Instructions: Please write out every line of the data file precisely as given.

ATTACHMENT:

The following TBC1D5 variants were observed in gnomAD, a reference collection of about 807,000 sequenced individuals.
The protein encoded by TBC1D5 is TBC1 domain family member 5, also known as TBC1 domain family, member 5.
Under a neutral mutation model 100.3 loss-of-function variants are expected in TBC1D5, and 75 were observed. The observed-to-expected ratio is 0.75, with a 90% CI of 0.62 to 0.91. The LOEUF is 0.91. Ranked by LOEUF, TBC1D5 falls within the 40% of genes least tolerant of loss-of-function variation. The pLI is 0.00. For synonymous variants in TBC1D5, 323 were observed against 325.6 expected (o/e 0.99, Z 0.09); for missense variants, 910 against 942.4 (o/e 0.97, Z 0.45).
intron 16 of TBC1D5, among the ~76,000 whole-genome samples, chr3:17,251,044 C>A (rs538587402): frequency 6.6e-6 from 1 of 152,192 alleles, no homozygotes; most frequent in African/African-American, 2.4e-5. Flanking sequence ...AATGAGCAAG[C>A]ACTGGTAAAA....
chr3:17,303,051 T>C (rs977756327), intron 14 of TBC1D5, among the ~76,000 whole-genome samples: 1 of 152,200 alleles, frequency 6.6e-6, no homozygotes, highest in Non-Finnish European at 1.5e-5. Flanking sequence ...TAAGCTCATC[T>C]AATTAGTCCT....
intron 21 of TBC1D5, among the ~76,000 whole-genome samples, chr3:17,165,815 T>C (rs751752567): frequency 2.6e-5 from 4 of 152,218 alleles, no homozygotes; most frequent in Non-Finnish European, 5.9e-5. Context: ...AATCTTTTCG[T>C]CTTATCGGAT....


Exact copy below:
The following TBC1D5 variants were observed in gnomAD, a reference collection of about 807,000 sequenced individuals.
The protein encoded by TBC1D5 is TBC1 domain family member 5, also known as TBC1 domain family, member 5.
Under a neutral mutation model 100.3 loss-of-function variants are expected in TBC1D5, and 75 were observed. The observed-to-expected ratio is 0.75, with a 90% CI of 0.62 to 0.91. The LOEUF is 0.91. Ranked by LOEUF, TBC1D5 falls within the 40% of genes least tolerant of loss-of-function variation. The pLI is 0.00. For synonymous variants in TBC1D5, 323 were observed against 325.6 expected (o/e 0.99, Z 0.09); for missense variants, 910 against 942.4 (o/e 0.97, Z 0.45).
intron 16 of TBC1D5, among the ~76,000 whole-genome samples, chr3:17,251,044 C>A (rs538587402): frequency 6.6e-6 from 1 of 152,192 alleles, no homozygotes; most frequent in African/African-American, 2.4e-5. Flanking sequence ...AATGAGCAAG[C>A]ACTGGTAAAA....
chr3:17,303,051 T>C (rs977756327), intron 14 of TBC1D5, among the ~76,000 whole-genome samples: 1 of 152,200 alleles, frequency 6.6e-6, no homozygotes, highest in Non-Finnish European at 1.5e-5. Flanking sequence ...TAAGCTCATC[T>C]AATTAGTCCT....
intron 21 of TBC1D5, among the ~76,000 whole-genome samples, chr3:17,165,815 T>C (rs751752567): frequency 2.6e-5 from 4 of 152,218 alleles, no homozygotes; most frequent in Non-Finnish European, 5.9e-5. Context: ...AATCTTTTCG[T>C]CTTATCGGAT....